BN.com Gift Guide

Planet of the Damned [NOOK Book]

Overview

Classic Science Fiction adventure from the creator of The Stainless Steel Rat and Bill the Galactic Hero. Brion has just won the Twenties, a global competition that tests one' achievements in 20 categories of human activities. But Brion must leave his world to help salvage the world of Dis, the most hellish planet in the galaxy.
Read More Show Less
... See more details below
Planet of the Damned

Available on NOOK devices and apps  
  • NOOK Devices
  • Samsung Galaxy Tab 4 NOOK 7.0
  • Samsung Galaxy Tab 4 NOOK 10.1
  • NOOK HD Tablet
  • NOOK HD+ Tablet
  • NOOK eReaders
  • NOOK Color
  • NOOK Tablet
  • Tablet/Phone
  • NOOK for Windows 8 Tablet
  • NOOK for iOS
  • NOOK for Android
  • NOOK Kids for iPad
  • PC/Mac
  • NOOK for Windows 8
  • NOOK for PC
  • NOOK for Mac
  • NOOK for Web

Want a NOOK? Explore Now

NOOK Book (eBook)
$3.99
BN.com price
Marketplace
BN.com

All Available Formats & Editions

Overview

Classic Science Fiction adventure from the creator of The Stainless Steel Rat and Bill the Galactic Hero. Brion has just won the Twenties, a global competition that tests one' achievements in 20 categories of human activities. But Brion must leave his world to help salvage the world of Dis, the most hellish planet in the galaxy.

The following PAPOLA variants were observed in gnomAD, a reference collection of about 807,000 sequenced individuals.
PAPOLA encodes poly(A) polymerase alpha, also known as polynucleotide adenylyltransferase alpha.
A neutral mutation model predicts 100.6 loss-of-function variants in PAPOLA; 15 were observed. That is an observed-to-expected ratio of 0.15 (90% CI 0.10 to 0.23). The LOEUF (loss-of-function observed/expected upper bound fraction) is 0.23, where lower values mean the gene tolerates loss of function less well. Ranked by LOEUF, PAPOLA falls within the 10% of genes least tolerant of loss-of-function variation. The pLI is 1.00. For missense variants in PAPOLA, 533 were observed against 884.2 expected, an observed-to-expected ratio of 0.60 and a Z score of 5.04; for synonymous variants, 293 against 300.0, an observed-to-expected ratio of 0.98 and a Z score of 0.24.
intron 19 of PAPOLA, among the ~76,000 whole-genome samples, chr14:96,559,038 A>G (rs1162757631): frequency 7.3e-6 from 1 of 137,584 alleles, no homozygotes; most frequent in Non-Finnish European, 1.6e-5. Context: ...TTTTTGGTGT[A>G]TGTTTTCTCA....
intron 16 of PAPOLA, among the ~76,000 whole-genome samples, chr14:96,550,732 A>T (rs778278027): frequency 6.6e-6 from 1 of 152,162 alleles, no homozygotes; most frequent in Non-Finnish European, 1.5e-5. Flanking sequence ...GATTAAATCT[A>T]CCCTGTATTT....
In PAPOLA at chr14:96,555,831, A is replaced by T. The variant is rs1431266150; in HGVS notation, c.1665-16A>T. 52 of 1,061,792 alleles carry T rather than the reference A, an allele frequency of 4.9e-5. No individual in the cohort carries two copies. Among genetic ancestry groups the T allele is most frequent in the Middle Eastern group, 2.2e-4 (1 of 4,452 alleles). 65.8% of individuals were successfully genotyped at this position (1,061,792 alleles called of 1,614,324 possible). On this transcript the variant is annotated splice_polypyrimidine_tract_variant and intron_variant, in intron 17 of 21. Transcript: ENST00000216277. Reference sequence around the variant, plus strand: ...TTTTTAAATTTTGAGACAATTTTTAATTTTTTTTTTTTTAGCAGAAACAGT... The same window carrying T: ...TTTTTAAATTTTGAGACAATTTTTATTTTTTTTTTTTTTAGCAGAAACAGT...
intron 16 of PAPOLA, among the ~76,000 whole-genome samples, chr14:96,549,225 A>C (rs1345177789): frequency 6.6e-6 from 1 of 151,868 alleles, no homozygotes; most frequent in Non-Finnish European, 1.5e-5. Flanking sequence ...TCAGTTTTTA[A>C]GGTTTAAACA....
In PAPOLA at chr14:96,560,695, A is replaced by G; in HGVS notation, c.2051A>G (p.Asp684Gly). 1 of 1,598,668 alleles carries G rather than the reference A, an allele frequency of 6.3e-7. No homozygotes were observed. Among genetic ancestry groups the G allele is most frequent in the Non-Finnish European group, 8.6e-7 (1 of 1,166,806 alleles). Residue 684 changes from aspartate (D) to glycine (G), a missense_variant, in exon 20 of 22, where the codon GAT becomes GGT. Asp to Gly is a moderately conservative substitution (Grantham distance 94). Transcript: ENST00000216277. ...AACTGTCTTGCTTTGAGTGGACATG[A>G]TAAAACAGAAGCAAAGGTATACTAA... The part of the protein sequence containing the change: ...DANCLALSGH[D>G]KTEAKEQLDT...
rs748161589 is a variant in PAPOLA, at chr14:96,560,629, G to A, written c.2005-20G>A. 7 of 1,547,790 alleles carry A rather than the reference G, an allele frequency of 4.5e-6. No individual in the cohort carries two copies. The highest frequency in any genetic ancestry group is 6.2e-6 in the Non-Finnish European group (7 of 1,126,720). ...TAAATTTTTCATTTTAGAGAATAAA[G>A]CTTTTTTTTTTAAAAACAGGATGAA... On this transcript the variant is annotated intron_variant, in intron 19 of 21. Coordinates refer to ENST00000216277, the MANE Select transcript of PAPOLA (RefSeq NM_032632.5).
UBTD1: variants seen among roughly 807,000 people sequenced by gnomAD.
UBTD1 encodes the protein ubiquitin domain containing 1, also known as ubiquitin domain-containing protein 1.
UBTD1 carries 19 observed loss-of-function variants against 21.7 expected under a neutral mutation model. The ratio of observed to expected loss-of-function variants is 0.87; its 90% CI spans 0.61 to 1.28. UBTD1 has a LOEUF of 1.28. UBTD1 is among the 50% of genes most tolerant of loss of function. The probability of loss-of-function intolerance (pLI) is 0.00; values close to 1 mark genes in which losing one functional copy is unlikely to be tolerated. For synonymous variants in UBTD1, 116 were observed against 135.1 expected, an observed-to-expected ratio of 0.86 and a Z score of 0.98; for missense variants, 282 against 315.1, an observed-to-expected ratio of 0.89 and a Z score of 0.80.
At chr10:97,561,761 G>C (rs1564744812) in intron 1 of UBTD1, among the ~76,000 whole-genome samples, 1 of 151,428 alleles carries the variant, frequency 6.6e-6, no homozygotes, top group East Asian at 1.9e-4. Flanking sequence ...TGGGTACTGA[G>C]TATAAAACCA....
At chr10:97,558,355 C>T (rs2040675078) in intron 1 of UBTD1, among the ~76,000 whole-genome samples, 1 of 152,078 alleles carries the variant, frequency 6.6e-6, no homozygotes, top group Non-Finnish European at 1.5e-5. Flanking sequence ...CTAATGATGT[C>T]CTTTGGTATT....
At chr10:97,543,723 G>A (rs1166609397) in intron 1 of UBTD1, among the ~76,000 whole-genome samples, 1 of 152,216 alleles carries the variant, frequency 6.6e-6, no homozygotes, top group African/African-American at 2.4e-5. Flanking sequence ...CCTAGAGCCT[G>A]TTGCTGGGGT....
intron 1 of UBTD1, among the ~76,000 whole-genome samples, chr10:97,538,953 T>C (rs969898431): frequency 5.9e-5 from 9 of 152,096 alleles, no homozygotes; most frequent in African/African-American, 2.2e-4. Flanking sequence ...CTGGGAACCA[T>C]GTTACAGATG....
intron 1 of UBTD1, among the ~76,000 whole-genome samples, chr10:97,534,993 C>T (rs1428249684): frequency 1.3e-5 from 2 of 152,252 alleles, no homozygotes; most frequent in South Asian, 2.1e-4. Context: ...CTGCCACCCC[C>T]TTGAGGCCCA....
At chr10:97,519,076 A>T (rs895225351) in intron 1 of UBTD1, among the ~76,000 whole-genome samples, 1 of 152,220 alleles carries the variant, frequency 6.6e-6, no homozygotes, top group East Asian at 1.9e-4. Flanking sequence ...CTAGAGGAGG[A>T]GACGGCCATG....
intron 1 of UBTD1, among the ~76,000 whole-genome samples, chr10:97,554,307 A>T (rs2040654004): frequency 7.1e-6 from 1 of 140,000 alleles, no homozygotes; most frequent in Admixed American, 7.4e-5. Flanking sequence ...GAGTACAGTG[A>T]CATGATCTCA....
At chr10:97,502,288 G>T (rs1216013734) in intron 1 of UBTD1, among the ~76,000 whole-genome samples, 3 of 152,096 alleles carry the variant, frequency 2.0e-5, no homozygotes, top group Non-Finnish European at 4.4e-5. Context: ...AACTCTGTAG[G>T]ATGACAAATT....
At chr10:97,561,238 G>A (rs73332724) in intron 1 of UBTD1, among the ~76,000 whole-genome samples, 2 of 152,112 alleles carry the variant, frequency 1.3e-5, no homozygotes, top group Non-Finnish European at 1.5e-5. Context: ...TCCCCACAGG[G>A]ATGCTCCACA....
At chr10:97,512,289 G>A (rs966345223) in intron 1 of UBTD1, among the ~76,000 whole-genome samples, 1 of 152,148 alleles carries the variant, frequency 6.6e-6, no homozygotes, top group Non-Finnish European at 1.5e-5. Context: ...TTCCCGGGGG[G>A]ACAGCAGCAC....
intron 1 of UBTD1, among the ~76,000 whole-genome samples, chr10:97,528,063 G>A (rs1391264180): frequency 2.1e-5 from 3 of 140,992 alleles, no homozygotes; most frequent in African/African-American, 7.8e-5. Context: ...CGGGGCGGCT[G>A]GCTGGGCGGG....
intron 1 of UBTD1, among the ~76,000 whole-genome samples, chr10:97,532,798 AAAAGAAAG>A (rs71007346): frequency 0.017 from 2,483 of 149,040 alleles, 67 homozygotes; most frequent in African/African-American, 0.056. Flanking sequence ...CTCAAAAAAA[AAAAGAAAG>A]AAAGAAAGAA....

Read More Show Less

Product Details

  • ISBN-13: 9781775419457
  • Publisher: The Floating Press
  • Publication date: 9/1/2011
  • Sold by: Barnes & Noble
  • Format: eBook
  • Sales rank: 752,272
  • File size: 302 KB

Meet the Author


Harry Harrison is the author of Deathworld, Make Room! Make Room! (filmed as Soylent Green), the popular Stainless Steel Rat books, and many other famous works of SF.

Read More Show Less

Read an Excerpt

The Planet of the Damned

I

A man said to the universe: "Sir, I exist!" "However" replied the universe, "The fact has not created in me A sense of obligation."

STEPHEN CRANE

 

Sweat covered Brion's body, trickling into the tight loincloth that was the only garment he wore. The light fencing foil in his hand felt as heavy as a bar of lead to his exhausted muscles, worn out by a month of continual exercise. These things were of no importance. The cut on his chest, still dripping blood, the ache of his overstrained eyes—even the soaring arena around him with the thousands of spectators—were trivialities not worth thinking about. There was only one thing inhis universe: the button-tipped length of shining steel that hovered before him, engaging his own weapon. He felt the quiver and scrape of its life, knew when it moved and moved himself to counteract it. And when he attacked, it was always there to beat him aside.

A sudden motion. He reacted—but his blade just met air. His instant of panic was followed by a small sharp blow high on his chest.